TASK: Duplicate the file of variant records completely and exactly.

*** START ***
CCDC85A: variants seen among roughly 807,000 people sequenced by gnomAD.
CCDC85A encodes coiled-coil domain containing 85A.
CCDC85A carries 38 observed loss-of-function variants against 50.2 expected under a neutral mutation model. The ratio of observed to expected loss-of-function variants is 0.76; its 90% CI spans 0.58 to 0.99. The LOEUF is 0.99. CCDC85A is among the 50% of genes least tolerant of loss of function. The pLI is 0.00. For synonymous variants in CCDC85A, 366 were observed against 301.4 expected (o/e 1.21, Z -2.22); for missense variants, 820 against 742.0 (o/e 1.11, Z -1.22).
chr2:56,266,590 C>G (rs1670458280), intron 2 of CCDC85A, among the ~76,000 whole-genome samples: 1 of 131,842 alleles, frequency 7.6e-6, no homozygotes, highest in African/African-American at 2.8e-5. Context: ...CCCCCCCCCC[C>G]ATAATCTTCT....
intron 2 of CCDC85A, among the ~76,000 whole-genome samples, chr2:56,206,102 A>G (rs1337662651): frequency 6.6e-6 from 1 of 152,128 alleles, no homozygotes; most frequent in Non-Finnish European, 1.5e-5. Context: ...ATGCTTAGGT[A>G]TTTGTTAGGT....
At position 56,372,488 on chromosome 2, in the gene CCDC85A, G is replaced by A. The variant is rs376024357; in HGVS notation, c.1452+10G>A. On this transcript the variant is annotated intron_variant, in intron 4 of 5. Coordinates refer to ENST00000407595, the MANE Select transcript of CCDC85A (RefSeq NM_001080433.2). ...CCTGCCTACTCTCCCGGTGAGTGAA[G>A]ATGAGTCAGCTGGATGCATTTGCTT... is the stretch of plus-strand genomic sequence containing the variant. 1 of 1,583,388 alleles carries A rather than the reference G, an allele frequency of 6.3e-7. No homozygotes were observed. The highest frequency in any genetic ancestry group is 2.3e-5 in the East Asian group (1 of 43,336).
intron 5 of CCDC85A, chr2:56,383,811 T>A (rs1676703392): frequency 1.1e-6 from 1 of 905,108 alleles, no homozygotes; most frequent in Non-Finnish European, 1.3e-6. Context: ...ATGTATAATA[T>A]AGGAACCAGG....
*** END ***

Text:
CCDC85A: variants seen among roughly 807,000 people sequenced by gnomAD.
CCDC85A encodes coiled-coil domain containing 85A.
CCDC85A carries 38 observed loss-of-function variants against 50.2 expected under a neutral mutation model. The ratio of observed to expected loss-of-function variants is 0.76; its 90% CI spans 0.58 to 0.99. The LOEUF is 0.99. CCDC85A is among the 50% of genes least tolerant of loss of function. The pLI is 0.00. For synonymous variants in CCDC85A, 366 were observed against 301.4 expected (o/e 1.21, Z -2.22); for missense variants, 820 against 742.0 (o/e 1.11, Z -1.22).
chr2:56,266,590 C>G (rs1670458280), intron 2 of CCDC85A, among the ~76,000 whole-genome samples: 1 of 131,842 alleles, frequency 7.6e-6, no homozygotes, highest in African/African-American at 2.8e-5. Context: ...CCCCCCCCCC[C>G]ATAATCTTCT....
intron 2 of CCDC85A, among the ~76,000 whole-genome samples, chr2:56,206,102 A>G (rs1337662651): frequency 6.6e-6 from 1 of 152,128 alleles, no homozygotes; most frequent in Non-Finnish European, 1.5e-5. Context: ...ATGCTTAGGT[A>G]TTTGTTAGGT....
At position 56,372,488 on chromosome 2, in the gene CCDC85A, G is replaced by A. The variant is rs376024357; in HGVS notation, c.1452+10G>A. On this transcript the variant is annotated intron_variant, in intron 4 of 5. Coordinates refer to ENST00000407595, the MANE Select transcript of CCDC85A (RefSeq NM_001080433.2). ...CCTGCCTACTCTCCCGGTGAGTGAA[G>A]ATGAGTCAGCTGGATGCATTTGCTT... is the stretch of plus-strand genomic sequence containing the variant. 1 of 1,583,388 alleles carries A rather than the reference G, an allele frequency of 6.3e-7. No homozygotes were observed. The highest frequency in any genetic ancestry group is 2.3e-5 in the East Asian group (1 of 43,336).
intron 5 of CCDC85A, chr2:56,383,811 T>A (rs1676703392): frequency 1.1e-6 from 1 of 905,108 alleles, no homozygotes; most frequent in Non-Finnish European, 1.3e-6. Context: ...ATGTATAATA[T>A]AGGAACCAGG....